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Cancer Treatment Diet

| Date Posted: 6/28/2013 | Author: Mandy McCue

Cancer treatments, such as chemotherapy and radiation, can cause daily discomfort as well as temporarily weaken your immune system. It is important to have a proper diet full of nutrients going into treatment to help combat cancer side effects. Some of the more common side effects are: Cancer Treatment Diet

  • Loss or change of appetite
  • Sore mouth or throat
  • Dry mouth
  • Changes in taste or sell
  • Nausea
  • Vomiting
  • Diarrhea
  • Constipation
  • Feeling tired
  • Depression

Diet can play a role in managing certain side effects. These needs can vary from person to person.  Gayla Comer, a registered dietitian with FirstHealth’s Cancer Program can help you find the right diet for you and the symptoms you may be experiencing. Here are some general eating and diet tips from the American Cancer Society to help with some common symptoms:

  • Sore mouth or throat
    • Avoid tart, acidic or salty foods, as well as pickled and vinegary foods, tomato-based foods and some canned broths
    • Avoid rough-textured hard foods, like dry toast, crackers, chips nuts, granola and raw fruits and vegetables
    • Choose lukewarm or cold foods that are soothing
    • Stay away from alcohol, caffeine and tobacco
    • Avoid irritating spices like chili powder, cloves, curry, hot sauces, nutmeg and pepper
    • Eat soft creamy foods like cream soups, cheeses, mashed potatoes, yogurt, eggs, custards and pudding
    • Avoid using mouthwashes that contain alcohol
    • Puree or liquefy foods to make them easier to swallow
  • Swallowing problems
    • Eat small, frequent meals
    • Use canned liquid nutritional supplements if you are unable to eat enough food to meet your needs
    • Chop or puree your food
    • Drink 6 to 8 cups of fluids each day
  • Dry mouth
    • Drink 8 to 10 cups of liquids a day
    • Take small bites and chew your food well
    • Eat soft, moist foods
    • Moisten foods with brother, soup, sauces etc.
    • Suck on sugarless candy or chew sugarless gum to stimulate saliva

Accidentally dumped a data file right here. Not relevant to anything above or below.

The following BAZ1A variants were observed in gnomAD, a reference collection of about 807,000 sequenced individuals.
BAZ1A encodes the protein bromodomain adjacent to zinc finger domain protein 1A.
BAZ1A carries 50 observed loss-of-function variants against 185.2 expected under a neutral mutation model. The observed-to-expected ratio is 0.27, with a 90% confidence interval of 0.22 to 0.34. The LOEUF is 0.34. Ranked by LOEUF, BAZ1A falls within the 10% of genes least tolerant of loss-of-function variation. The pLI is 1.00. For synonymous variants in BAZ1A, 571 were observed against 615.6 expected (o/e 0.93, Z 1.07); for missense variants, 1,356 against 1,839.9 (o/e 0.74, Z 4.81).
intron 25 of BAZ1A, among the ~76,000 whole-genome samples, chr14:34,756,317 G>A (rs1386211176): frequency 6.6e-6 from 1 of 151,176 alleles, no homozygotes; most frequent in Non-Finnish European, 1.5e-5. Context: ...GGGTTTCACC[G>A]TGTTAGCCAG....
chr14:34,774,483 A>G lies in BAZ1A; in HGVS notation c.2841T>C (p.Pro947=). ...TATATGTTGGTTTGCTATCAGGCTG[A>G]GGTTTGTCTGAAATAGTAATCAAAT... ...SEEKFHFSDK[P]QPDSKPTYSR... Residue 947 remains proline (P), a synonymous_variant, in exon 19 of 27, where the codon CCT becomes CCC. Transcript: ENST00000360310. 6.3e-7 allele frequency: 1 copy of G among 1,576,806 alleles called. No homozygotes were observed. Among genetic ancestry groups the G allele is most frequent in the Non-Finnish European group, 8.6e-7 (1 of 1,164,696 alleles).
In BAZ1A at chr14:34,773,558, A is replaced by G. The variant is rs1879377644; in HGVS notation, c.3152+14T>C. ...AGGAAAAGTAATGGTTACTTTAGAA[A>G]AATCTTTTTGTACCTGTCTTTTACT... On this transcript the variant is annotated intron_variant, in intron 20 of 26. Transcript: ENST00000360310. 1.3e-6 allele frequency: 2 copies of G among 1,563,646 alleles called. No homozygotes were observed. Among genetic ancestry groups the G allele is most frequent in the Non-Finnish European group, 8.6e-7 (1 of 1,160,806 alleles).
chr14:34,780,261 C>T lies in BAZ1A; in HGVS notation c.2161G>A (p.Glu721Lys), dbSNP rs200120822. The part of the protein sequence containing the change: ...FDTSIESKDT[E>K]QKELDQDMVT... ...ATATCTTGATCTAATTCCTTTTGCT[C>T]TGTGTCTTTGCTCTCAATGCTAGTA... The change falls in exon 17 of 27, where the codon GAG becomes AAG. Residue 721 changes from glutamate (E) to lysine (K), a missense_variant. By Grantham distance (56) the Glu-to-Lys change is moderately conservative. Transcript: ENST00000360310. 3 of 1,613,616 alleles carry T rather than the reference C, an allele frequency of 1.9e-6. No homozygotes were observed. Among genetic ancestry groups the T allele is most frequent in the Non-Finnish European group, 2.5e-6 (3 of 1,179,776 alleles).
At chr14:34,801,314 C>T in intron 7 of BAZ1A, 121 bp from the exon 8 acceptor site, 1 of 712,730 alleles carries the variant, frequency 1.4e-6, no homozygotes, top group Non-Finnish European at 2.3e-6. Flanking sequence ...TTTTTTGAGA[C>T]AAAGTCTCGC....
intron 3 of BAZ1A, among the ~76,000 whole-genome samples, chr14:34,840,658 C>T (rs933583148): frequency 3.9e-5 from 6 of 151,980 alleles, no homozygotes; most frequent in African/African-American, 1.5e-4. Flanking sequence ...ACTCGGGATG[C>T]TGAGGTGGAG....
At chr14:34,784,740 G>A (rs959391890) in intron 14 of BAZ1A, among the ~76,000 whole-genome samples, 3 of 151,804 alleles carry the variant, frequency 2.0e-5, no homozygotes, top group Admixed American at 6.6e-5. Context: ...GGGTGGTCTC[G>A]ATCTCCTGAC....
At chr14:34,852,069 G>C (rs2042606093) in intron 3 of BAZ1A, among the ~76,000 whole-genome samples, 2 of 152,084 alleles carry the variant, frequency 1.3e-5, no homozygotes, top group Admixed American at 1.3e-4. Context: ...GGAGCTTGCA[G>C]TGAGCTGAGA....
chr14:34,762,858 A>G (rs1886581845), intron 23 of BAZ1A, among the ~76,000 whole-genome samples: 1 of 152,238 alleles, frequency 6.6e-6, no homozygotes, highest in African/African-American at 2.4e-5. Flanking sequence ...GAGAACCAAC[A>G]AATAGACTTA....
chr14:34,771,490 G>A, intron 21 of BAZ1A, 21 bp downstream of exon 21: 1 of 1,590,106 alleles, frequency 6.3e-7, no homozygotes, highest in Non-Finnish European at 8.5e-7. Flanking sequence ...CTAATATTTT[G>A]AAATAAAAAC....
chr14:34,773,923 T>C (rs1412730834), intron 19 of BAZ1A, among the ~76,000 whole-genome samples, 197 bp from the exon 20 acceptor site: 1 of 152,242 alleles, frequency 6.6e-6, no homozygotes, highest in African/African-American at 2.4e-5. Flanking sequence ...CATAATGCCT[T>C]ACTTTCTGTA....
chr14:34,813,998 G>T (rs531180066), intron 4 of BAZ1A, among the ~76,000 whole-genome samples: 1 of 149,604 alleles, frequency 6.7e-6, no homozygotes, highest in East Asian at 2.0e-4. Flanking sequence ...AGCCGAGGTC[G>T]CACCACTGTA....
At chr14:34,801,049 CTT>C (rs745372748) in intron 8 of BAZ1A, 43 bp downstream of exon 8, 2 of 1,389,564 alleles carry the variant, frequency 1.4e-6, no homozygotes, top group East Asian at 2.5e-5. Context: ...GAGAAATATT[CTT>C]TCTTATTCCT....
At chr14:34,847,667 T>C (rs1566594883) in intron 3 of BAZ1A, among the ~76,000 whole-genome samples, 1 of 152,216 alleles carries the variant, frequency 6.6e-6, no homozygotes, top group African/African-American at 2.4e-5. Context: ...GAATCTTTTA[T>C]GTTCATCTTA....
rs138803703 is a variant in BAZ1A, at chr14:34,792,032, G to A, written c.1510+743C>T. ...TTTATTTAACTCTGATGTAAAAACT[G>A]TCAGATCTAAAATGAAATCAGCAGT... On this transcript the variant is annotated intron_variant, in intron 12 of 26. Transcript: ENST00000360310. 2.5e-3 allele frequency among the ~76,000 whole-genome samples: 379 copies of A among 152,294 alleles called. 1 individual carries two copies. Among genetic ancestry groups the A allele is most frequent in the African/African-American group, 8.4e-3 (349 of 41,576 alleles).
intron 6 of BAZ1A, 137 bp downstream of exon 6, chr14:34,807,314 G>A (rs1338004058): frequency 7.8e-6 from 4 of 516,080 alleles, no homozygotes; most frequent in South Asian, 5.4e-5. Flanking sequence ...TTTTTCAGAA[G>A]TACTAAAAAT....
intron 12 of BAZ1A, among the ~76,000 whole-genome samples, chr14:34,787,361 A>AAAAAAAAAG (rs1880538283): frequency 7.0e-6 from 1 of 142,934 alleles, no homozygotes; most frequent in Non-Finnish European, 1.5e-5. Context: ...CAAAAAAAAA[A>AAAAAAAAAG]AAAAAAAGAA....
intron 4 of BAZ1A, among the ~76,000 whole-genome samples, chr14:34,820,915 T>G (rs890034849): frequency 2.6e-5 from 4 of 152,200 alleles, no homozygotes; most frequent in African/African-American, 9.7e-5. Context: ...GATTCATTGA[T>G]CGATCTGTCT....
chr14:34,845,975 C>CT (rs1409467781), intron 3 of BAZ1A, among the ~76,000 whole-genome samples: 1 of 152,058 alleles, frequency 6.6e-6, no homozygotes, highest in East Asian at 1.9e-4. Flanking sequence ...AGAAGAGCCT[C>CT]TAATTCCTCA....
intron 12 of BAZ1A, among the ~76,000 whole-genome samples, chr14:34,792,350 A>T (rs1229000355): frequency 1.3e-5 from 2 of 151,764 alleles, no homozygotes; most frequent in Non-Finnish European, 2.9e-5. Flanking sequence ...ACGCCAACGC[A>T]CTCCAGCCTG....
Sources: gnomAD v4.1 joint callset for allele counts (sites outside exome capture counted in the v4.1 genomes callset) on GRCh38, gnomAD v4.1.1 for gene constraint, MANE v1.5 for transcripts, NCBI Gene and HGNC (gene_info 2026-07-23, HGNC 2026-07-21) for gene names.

• Nausea
    • Eat 6 to 8 snacks or small meals a day
    • Eat dry foods, like crackers or toast
    • Eat foods that do not have a strong odor
    • Eat cool foods instead of hot or spicy foods
    • Avoid foods that are overly sweet, greasy, fried or spicy
    • If you need to rest, sit up or recline with your head raised for at least an hour after eating
    • Sip clear liquids regularly to avoid dehydration
  • Diarrhea
    • Drink plenty of mild, clear, non-carbonated liquids during the day.
    • Eat small, frequent meals and snacks during the day
    • Avoid greasy, fried, spicy or very sweet foods
    • Limit milk product to two cups a day
    • Avoid drinks and foods that cause gas
    • Drink and eat high-sodium food and high-potassium foods
    • Increase soluble-fiber foods
  • Constipation
    • Try eating at the same time every day
    • Try to have a bowel movement at the same time each day
    • Drink 8 to 10 cups of liquid each day
    • Use laxatives only as directed by your doctor
    • If it’s okay with your doctor, eat high-fiber and bulky foods
    • Limit drinks and foods that cause gas
  • Feeling tired
    • Prioritize your activities. Do the most important ones when you the most energy
    • Take short walks or get regular exercise
    • Drink plenty of fluids
    • Make sure you get enough rest
    • Try easier or shorter versions of your usual activities
  • Loss or change of appetite
    • Eat several snacks throughout the day rather than three meals
    • Make eating more enjoyable; more your food look more enjoyable, play your favorite music, watch TV  or eating with someone
    • Be physically active
    • Keep high-calorie, high-protein snacks on hand
    • Eat your favorite foods at any time of the day
    • Be sure to meet your basic calorie needs

It is important to speak with your doctor about any   side effects from treatment you may be experiencing.  FirstHealth Moore regional Hospital’s FirstHealth Cancer Services treats cancer patients in the Pinehurst, Raeford, Sanford, Lumberton, Laurinburg, Troy, and Rockingham regions of North Carolina and beyond.

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